It’ll be a happy, happy day for you and your Little Miss J, too. And think of all the uninterrupted blogging and writing time you’ll have on your hands. That, or cleaning toilets and sink drains in complete quiet and contemplation.

    1. I remember bits and pieces of my kindergarten year. I remember being super shy at circle, hating to wear my glasses. Little snippets of memories.

      I totally hear you on the cartwheel thing. Being a mom means feeling all kinds of mixed emotions and I can freely admit to being excited both kids will be in school full time this fall. I’ve been a SAHM for so long, it’s huge transition for me as well, a good one overall though. I look forward to rediscovering who the hell I am again! haha!

      As for uninterrupted blogging, not likely. I’m going back to school and working soon. The blog may be neglected (along with the toilet cleaning)

      1. Your picture when you were little could have passed for my twin! Wow! I can relate to a lot of what you say, I’m a single mother of two; a boy and a girl, and I’ve been through hell and back for them. Who am I kidding? I’m selfish, it’s all been for me and the love I have for them.

        There is no way I could ever think about not having them–ever. They are my life and now they are both helping me get a children’s book out starring “Eris Ferris.” If nothing else, this will be an adventure we can share together!

        1. I hear you, to think of all I went through just to get pregnant and stay pregnant. I am very blessed to have both my kids in my life. I intend to make time slow down enough so I can enjoy every milestone to its fullest. To say it goes fast is putting it mildly. Good luck with your book!

          1. Right! I had over 10 miscarriages and recall each time I got pregnant, wondering how long it would last. I got had my first baby at age 36 and my second at 40, after a horrible car accident. (a truck running a red light hit me @ 7 mos. pregnant) Thank God my child is bright and 100%.

            Single now because my ex couldn’t handle my “imperfections.” Struggling to do it all without the ability of working at “regular” job or continue my degree. This is why I write! Isn’t it amazing how the fraction of a second can change a life? The amazing thing is, if not for this accident, I never would be a writer! My first book, out in a few weeks is about a little girl named Eris Ferris! (easy reader)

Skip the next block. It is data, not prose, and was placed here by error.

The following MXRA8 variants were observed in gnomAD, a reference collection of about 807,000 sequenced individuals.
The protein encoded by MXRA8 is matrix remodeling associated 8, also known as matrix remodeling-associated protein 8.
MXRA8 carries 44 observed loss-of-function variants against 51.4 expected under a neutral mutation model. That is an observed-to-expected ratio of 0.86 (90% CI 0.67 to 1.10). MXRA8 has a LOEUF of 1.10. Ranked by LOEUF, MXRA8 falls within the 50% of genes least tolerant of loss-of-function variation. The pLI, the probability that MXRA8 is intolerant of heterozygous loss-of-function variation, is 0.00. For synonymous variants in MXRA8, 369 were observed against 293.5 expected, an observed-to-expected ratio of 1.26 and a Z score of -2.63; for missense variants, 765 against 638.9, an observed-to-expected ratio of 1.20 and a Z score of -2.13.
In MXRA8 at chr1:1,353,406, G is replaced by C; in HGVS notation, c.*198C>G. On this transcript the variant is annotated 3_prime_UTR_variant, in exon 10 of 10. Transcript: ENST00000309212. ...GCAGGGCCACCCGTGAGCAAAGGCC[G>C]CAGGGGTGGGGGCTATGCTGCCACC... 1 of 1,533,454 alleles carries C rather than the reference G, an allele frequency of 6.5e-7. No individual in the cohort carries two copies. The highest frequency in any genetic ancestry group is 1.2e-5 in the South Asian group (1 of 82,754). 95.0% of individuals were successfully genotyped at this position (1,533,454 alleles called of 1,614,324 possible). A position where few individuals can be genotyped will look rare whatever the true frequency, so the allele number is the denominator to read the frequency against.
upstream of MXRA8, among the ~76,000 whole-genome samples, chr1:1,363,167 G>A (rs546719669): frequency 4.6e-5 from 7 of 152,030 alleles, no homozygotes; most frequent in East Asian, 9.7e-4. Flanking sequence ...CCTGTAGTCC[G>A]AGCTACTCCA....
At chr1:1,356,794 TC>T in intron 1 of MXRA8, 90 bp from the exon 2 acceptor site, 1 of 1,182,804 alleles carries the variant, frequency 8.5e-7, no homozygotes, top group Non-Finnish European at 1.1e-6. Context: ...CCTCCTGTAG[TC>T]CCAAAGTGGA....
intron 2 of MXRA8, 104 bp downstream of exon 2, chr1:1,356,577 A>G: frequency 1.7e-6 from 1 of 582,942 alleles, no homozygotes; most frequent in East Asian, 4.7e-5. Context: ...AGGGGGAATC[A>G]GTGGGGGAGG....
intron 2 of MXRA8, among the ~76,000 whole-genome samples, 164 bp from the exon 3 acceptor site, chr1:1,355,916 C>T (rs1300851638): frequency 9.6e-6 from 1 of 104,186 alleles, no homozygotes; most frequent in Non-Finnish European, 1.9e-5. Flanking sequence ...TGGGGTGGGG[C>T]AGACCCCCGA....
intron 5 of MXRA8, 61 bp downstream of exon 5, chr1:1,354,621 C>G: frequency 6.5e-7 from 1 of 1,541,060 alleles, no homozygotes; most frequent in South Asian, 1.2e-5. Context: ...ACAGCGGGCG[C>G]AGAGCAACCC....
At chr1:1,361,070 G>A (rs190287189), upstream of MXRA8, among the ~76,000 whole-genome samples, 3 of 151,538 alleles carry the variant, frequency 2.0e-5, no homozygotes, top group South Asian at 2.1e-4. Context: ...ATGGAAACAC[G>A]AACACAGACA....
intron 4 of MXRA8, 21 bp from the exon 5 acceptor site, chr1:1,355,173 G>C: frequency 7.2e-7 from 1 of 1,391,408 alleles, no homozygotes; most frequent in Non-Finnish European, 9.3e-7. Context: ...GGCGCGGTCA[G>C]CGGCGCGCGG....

5. I was having a tears at the back of my eyeballs morning…now they are splattered across the front of my blouse (the tears, not the eyeballs). Thanks. Thanks a lot.

    You have such a way of sharing your emotions in a straightforward manner – not syrupy or overwrought – just the right touch of terror, humor, longing, wistfulness and nostalgia.

    1. Sorry, hope you had a tissue handy, Katy! While writing it I cried (good lord, I am such a sap)

      I appreciate your comments because I wanted to get my point across here using as little words as possible, just my feelings open wide.

      1. You know, my son got up the next morning after kindergarten screening and got ready for “kiddie garden” He did not understand he had to wait until fall…

    1. Haha! Yes, those were the days! And of course, back when I went, preschool was unheard of. I never went. When I turned five it was, ok, off to kindergarten (half days though….)

  6. Darla, I wish you would share this with the #yeahwrite community. This should be entered in the weekly challenge, which opened today. http://yeahwrite.me/56-open-challenge/

    The way you wrote this was beautiful. I agree with what K8 said. The pictures fit into the story wonderfully, but it was the words that really made this special. I especially like how you were the one trying to be a big girl at the end. Ain’t it the truth.

    1. Oh, thanks, Lenore! I am glad you like it. I will be sure to look at the link later, it sounds very interesting.

      Yes, this post was also about me trying to be a big girl and the words at the very beginning were my thoughts.

  7. What a dear, dear post. I don’t have children, so I can only imagine what this must feel like–and you have shown me brilliantly. Great writing here. The photos are ADORABLE!
    Hugs,
    Kathy

  8. Aw, sweetie. I’ve got a lump in my throat reading your tender words and remembering my baby’s first day of kindergarten. The teachers were way too experienced to comment on why I needed to wear sunglasses in the dim hallway as I briskly walked away from her classroom.

    1. I am hoping I can keep together when she gets on the bus that first day. At least I know her big brother will be there with her right by her side. It was hard when he went because he was all alone.

  9. My oldest son was so full of self-confidence that letting him go to school was no problem. He announced after the screening that he had made several new friends and he couldn’t wait to see them all again when school started. When my twins started school, I went with them. Fortunately, the school needed a math teacher, so no one thought it was strange that I was always at the school with my children. My teary day came on the twins’ last day as seniors. I was going to have to come to school the next day without them. I cried through all my classes. Somehow I survived and finished the year, plus two more after that. Then I, too, moved on.